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The importance of analytics has been brought to light by the economic crisis caused by COVID-19.
That was one of the key messages from Real Business Intelligence 2020, the virtual conference hosted by consulting firm Dresner Advisory Services.
"It's time to double down on data," said Howard Dresner, founder, chief strategy officer and chief research officer of Dresner Advisory Services, who spoke on Aug. 11, the first day of the event.
With retail stores, bars and restaurants, and a host of other businesses forced to close their physical doors for months at the start of the pandemic and only allowed to open in limited capacities since, such businesses are struggling to stay afloat. Meanwhile, air travel and hotel occupancy have plummeted, and theaters and concert halls have stayed empty.
Some businesses -- mostly white-collar firms at which most work was already done digitally -- have been able to shift to remote work and have gone on without much issue. Others have been able to change course in order to survive. Still others, however, have not been able to manage their way through the pandemic and are either struggling to survive or have already shut down.
Financial markets, as a result, plummeted at the start of the pandemic, though they have gained back the initial losses, and unemployment has skyrocketed.
Some organizations, however, are adding staff rather than cutting it. Some enterprises are looking to expand rather than contract. In fact, according to data collected by Dresner Advisory Services since the start of April, about 40% of companies responding to a survey are hiring new employees.
And it's because they understand the importance of analytics, and their analytics are telling them that there are growth opportunities despite the overall economic downturn.
Howard DresnerFounder, chief strategy officer and chief research officer, Dresner Advisory Services
"This is a wake-up call," Dresner said. "This is a wake-up call to your management team to step back and look at how to do a better job, because there will be another disruptive event in the future. A lot of organizations have told me that as a result of the coronavirus and the pandemic there is even more emphasis on data and analytics and business intelligence than ever before."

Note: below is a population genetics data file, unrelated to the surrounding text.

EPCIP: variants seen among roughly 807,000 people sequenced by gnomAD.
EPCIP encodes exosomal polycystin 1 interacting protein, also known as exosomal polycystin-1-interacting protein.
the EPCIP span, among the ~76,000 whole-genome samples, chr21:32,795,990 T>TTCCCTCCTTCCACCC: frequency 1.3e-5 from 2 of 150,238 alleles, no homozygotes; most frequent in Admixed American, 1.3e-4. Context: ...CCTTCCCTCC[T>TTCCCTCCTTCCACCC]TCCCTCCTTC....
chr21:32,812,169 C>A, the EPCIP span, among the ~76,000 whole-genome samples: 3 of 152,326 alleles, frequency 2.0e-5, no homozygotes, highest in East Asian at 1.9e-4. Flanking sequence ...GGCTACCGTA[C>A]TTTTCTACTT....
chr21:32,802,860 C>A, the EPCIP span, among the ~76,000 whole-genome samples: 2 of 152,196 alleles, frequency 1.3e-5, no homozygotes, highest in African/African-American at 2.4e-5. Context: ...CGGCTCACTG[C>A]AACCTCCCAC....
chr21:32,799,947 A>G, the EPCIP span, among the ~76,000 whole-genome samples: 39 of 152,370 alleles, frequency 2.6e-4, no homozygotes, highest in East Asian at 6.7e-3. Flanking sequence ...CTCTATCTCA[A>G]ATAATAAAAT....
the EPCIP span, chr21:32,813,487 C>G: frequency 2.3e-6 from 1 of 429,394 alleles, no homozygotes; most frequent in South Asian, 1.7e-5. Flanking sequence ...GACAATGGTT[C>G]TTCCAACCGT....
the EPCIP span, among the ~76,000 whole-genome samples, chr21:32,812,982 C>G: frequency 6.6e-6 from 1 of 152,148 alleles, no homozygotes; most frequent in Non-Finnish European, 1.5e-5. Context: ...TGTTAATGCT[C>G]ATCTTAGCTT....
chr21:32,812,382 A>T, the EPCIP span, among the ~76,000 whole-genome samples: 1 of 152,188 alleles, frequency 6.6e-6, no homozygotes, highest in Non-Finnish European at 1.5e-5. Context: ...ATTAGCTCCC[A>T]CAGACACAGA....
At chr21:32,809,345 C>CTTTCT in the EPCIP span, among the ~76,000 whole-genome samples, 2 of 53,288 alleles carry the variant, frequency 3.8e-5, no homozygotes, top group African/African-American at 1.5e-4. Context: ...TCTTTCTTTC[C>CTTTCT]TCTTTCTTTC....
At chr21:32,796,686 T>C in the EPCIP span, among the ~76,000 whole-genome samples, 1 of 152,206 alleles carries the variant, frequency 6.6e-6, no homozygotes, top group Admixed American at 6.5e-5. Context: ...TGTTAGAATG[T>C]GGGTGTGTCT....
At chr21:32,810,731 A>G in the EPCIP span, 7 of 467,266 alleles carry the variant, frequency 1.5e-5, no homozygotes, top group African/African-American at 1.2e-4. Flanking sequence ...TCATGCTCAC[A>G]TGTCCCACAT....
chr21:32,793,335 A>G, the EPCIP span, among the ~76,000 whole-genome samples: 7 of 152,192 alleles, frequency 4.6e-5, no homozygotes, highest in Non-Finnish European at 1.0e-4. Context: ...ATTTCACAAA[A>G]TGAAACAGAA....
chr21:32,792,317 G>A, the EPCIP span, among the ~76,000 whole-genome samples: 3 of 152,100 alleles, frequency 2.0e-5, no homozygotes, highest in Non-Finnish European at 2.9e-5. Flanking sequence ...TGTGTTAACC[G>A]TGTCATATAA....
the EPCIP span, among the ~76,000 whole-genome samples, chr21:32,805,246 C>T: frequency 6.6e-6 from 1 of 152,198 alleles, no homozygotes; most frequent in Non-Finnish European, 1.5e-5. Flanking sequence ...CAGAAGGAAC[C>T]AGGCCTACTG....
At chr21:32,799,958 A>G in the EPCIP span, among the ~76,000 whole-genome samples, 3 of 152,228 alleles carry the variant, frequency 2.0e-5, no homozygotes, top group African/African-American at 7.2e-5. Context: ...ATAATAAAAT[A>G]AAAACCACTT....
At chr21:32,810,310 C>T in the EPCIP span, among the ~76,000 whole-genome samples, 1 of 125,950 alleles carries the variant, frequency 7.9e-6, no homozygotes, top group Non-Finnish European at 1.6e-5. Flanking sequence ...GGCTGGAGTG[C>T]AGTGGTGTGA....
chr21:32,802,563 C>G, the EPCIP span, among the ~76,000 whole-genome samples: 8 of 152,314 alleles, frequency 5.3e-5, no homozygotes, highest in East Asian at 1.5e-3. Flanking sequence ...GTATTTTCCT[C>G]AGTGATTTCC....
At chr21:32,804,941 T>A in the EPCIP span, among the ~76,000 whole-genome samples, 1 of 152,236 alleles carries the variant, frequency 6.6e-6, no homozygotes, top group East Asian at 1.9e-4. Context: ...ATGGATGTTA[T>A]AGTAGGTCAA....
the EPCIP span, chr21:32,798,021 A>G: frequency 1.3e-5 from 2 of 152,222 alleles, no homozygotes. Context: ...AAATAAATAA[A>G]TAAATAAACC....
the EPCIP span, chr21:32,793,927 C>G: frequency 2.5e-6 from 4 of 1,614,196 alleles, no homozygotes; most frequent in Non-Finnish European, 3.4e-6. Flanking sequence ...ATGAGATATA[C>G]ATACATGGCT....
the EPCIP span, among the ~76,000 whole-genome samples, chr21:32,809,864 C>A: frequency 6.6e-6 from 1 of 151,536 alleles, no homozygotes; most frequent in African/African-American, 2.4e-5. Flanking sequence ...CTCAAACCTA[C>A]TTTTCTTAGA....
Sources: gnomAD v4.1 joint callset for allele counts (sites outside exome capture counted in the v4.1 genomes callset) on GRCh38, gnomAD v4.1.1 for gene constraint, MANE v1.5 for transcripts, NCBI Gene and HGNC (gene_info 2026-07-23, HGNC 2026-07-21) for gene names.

Enterprises, he added, need to have a better understanding of what's happening both inside and outside their organizations in order to survive and thrive.
At the heart of employing analytics to navigate the pandemic is developing an organizational culture that understands and values the importance of analytics.
One of the keys to that is data literacy.
Most organizations, according to data collected by Dresner Advisory Services, don't have data literacy programs in place. Nevertheless, more than 75% report at least a moderate level of data literacy among their employees, and among those at which data literacy is valued, BI initiatives tend to have high levels of success.
"Our research shows a correlation between data literacy levels and data-driven decision-making," said Elizabeth Espinoza, research director at Dresner. "Data literacy enables that data-driven decision-making."
Those organizations with high data literacy levels, she added, report that 75% of their decisions are data-driven, while just 42% of decisions are data-driven at other organizations.
Data governance develops the trust that's needed to make data-driven decisions.
According to the firm's research, 80% of organizations think it's important to have faith in their data and are buying in to their data governance policies. Meanwhile, there's a strong correlation between the success of BI projects and confidence in the quality of that data.
Still another important part of creating a culture that understands the importance of analytics is the presence of a chief analytics officer or chief data officer.
Ultimately, however, the return on investment in BI projects that organizations report provides the evidence of the importance of analytics.
Data collected by Dresner shows that 13% of respondents report an ROI of 24% or higher and an additional 64% of respondents report an ROI of at least 3%.
"There's a massive majority of people who have found that their investments pay for themselves and only a tiny fraction where people have had some calamity and it's not working out well," said Chris von Simson, research director at Dresner. "For the most part, if you've got a lot of BI going on, you're going to have some risky bets but you're going to have some big, positive bets."
That, von Simson added, means data should be present at every meeting and help drive every decision.
And that's never been truer than now during the pandemic, according to Howard Dresner.
"You should be investing strategically in this notion of data-driven decision-making," he said. "The pandemic has been very disruptive. We wish it didn't happen, that's for sure. A lot has been lost at so many levels. But it does serve as that wake-up call for organizations to take a hard look at how they're leveraging data so they can do a better job."